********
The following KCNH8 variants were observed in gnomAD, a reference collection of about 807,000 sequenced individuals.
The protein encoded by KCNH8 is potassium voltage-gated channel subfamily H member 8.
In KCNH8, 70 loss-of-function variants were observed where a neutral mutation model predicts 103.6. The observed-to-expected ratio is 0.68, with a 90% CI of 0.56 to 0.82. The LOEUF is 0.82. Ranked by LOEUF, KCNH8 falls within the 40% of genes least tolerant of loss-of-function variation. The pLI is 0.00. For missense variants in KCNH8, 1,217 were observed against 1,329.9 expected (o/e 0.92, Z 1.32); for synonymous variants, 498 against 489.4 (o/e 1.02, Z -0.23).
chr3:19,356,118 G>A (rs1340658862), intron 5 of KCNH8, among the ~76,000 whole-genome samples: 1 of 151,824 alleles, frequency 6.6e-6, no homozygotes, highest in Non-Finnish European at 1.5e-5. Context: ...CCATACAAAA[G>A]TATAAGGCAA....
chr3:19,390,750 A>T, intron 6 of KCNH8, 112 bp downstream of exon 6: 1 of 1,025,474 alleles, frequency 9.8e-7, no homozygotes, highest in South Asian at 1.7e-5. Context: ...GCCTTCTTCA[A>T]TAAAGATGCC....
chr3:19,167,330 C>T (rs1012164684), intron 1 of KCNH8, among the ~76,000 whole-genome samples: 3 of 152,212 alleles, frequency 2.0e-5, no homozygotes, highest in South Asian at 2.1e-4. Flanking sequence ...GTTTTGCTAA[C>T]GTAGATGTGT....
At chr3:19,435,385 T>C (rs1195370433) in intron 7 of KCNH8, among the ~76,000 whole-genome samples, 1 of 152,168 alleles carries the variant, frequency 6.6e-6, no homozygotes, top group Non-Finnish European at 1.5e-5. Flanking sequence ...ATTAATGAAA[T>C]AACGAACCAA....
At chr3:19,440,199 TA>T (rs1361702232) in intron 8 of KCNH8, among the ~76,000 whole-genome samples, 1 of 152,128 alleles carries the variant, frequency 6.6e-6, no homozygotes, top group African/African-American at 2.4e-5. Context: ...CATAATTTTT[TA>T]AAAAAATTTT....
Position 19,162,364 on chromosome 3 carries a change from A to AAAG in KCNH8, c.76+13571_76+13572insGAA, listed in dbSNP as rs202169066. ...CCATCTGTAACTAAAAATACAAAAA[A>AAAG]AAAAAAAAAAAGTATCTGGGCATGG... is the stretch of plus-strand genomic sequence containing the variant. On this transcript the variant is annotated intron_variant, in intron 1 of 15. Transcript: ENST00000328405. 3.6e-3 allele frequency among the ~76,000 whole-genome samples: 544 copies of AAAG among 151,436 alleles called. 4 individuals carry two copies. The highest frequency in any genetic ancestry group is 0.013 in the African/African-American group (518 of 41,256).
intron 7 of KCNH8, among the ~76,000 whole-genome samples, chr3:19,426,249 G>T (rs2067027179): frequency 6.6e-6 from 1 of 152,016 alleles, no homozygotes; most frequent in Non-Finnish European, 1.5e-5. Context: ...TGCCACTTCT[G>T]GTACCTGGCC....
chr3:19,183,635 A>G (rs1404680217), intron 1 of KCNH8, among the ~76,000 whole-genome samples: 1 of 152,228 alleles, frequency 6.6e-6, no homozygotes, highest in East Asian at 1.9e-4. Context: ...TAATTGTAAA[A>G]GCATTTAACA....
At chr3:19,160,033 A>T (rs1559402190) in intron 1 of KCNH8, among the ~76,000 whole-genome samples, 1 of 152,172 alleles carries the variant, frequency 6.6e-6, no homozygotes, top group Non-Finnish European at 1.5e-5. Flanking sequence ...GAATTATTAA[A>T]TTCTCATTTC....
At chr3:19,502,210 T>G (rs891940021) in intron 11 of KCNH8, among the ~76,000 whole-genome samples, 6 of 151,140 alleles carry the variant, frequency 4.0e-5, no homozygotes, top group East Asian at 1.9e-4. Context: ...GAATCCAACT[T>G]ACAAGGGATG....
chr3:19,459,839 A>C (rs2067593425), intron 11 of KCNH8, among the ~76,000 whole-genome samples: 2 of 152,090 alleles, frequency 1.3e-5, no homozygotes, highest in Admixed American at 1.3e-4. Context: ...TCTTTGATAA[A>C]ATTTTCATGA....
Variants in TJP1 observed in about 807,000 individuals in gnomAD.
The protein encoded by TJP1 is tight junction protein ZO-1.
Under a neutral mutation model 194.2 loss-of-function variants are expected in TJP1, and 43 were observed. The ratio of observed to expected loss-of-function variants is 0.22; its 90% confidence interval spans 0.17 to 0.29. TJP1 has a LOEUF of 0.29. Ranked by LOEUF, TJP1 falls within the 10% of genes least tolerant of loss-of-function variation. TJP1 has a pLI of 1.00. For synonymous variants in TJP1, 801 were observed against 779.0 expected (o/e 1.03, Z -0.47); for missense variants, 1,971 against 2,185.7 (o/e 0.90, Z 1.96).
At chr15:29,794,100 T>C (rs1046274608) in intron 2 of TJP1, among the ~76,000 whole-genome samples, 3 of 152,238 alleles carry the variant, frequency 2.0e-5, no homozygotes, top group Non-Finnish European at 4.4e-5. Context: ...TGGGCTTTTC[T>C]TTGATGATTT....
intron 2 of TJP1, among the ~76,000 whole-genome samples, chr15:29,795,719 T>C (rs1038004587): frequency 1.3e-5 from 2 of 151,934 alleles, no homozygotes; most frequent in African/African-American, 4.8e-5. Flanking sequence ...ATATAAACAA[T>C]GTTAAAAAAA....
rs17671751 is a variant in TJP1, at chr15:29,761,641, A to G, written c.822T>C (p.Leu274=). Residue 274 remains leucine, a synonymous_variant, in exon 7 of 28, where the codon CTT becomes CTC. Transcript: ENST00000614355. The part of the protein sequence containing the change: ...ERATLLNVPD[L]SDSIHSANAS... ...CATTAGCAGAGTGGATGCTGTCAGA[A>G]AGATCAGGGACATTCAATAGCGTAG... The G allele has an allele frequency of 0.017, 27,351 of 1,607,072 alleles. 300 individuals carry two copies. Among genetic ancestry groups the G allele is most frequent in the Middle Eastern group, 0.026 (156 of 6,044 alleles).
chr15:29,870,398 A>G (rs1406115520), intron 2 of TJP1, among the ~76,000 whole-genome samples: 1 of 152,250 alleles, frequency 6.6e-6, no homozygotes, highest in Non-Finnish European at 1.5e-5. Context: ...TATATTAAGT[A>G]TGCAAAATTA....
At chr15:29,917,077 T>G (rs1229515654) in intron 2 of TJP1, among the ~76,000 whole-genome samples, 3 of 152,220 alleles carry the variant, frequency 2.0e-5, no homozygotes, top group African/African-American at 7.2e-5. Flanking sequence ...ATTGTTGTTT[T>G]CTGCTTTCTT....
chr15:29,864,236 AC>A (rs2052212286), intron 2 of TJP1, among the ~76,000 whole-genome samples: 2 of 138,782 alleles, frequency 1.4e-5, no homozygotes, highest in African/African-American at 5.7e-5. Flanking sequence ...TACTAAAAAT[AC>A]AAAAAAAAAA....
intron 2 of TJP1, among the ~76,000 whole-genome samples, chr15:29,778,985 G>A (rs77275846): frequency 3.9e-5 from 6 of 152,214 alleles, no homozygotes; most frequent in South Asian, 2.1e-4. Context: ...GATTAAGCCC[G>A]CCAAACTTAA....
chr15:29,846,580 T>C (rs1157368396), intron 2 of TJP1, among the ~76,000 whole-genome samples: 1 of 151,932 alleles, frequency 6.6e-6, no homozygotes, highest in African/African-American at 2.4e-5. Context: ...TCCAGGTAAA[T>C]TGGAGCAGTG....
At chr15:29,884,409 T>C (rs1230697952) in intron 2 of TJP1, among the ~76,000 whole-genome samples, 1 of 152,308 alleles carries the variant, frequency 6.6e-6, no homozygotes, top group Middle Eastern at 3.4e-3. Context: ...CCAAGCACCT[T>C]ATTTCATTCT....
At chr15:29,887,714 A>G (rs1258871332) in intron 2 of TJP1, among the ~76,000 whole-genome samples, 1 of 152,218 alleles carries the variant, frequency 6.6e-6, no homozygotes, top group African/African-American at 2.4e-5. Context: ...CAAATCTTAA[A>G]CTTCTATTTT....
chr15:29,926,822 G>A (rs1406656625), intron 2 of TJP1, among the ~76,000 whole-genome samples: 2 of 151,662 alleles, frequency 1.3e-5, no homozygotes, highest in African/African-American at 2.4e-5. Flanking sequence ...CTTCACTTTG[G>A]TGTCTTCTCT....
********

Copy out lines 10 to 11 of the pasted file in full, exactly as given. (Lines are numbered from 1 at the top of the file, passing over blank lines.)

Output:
intron 7 of KCNH8, among the ~76,000 whole-genome samples, chr3:19,426,249 G>T (rs2067027179): frequency 6.6e-6 from 1 of 152,016 alleles, no homozygotes; most frequent in Non-Finnish European, 1.5e-5. Context: ...TGCCACTTCT[G>T]GTACCTGGCC....
chr3:19,183,635 A>G (rs1404680217), intron 1 of KCNH8, among the ~76,000 whole-genome samples: 1 of 152,228 alleles, frequency 6.6e-6, no homozygotes, highest in East Asian at 1.9e-4. Context: ...TAATTGTAAA[A>G]GCATTTAACA....